(Jan 15): High demand for groceries combined with soaring freight costs and Omicron-related labour shortages are creating a new round of backlogs at processed food and fresh produce companies, leading to empty supermarket shelves at major retailers across the United States.
Growers of perishable produce across the West Coast are paying nearly triple pre-pandemic trucking rates to ship things like lettuce and berries before they spoil. Shay Myers, CEO of Owyhee Produce, which grows onions, watermelons and asparagus along the border of Idaho and Oregon, said he has been holding off shipping onions to retail distributors until freight costs go down.
Myers said transportation disruptions in the last three weeks, caused by a lack of truck drivers and recent highway-blocking storms, have led to a doubling of freight costs for fruit and vegetable producers, on top of already-elevated pandemic prices. "We typically will ship, East Coast to West Coast – we used to do it for about $7,000," he said. "Today it’s somewhere between $18,000 and $22,000."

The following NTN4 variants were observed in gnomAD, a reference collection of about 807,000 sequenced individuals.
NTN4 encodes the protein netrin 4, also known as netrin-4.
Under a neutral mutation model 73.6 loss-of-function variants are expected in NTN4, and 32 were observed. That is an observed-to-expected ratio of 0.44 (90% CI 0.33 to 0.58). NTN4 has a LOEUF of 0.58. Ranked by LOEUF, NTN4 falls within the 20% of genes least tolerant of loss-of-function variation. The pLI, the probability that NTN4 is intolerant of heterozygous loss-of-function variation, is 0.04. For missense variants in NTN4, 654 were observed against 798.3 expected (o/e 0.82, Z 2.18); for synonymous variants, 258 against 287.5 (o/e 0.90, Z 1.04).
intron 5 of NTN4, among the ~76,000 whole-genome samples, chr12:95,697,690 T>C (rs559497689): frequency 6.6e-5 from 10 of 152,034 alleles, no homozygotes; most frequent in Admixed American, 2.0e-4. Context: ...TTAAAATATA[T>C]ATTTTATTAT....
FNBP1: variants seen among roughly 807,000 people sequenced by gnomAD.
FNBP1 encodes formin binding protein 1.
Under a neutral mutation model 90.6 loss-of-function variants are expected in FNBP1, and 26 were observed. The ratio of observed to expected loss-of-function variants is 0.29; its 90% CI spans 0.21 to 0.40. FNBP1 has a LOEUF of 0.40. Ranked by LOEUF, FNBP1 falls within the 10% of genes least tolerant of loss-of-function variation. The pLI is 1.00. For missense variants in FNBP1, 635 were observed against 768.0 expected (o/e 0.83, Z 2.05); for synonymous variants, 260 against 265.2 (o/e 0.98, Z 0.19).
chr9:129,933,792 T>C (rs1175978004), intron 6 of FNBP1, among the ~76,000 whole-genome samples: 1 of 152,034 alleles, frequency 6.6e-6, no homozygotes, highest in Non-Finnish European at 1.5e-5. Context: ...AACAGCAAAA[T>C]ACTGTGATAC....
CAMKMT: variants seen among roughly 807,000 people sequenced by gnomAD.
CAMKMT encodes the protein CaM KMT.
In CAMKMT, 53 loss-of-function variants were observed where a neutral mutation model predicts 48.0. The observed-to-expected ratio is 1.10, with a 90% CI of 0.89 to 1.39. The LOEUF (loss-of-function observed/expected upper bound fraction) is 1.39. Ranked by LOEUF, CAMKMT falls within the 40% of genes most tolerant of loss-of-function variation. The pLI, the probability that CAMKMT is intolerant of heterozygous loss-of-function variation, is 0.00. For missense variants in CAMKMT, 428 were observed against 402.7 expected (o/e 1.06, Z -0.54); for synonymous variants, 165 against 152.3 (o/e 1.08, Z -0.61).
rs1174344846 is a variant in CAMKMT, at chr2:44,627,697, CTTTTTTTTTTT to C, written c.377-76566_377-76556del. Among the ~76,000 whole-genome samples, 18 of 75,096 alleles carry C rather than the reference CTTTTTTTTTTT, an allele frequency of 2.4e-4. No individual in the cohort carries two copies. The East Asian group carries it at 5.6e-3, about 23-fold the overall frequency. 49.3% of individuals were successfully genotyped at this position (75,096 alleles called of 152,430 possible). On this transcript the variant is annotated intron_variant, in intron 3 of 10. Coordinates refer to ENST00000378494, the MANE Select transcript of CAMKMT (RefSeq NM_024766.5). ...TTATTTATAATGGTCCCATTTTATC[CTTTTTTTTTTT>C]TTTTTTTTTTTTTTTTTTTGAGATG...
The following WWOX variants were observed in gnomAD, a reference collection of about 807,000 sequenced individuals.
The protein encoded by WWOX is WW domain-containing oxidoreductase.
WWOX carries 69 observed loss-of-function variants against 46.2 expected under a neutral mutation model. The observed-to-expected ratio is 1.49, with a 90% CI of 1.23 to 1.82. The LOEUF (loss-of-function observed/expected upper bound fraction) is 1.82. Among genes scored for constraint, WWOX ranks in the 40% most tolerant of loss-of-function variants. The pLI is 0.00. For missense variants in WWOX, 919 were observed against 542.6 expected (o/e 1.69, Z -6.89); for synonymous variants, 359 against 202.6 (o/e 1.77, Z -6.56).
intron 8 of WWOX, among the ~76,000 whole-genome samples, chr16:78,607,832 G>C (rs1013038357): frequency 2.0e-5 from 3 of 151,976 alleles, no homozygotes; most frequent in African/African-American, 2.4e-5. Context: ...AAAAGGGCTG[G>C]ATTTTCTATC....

Birds Eye frozen vegetables maker Conagra Brands' CEO Sean Connolly told investors last week that supplies from its U.S. plants could be constrained for at least the next month due to Omicron-related absences.
Earlier this week, Albertsons CEO Vivek Sankaran said he expects the supermarket chain to confront more supply chain challenges over the next four to six weeks as Omicron has put a dent in its efforts to plug supply chain gaps.
Shoppers on social media complained of empty pasta and meat aisles at some Walmart stores; a Meijer store in Indianapolis was swept bare of chicken; a Publix in Palm Beach, Florida was out of bath tissue and home hygiene products while Costco reinstated purchase limits on toilet paper at some stores in Washington state.
The situation is not expected to abate for at least a few more weeks, Katie Denis, vice president of communications and research at the Consumer Brands Association said, blaming the shortages on a scarcity of labour.
In the U.S., recent snow and ice storms that snared traffic for hours along the East Coast also hampered food deliveries bound for grocery stores and distribution hubs. Those delays rippled across the country, delaying shipment on fruit and vegetables with a limited shelf life.
While growers with perishable produce are forced to pay inflated shipping rates to attract limited trucking supplies, producers like Myers are choosing to wait for backlogs to ease.
"The canned goods, the sodas, the chips – those things sat, because they weren’t willing to pay double, triple the freight, and their stuff doesn’t go bad in four days," he said.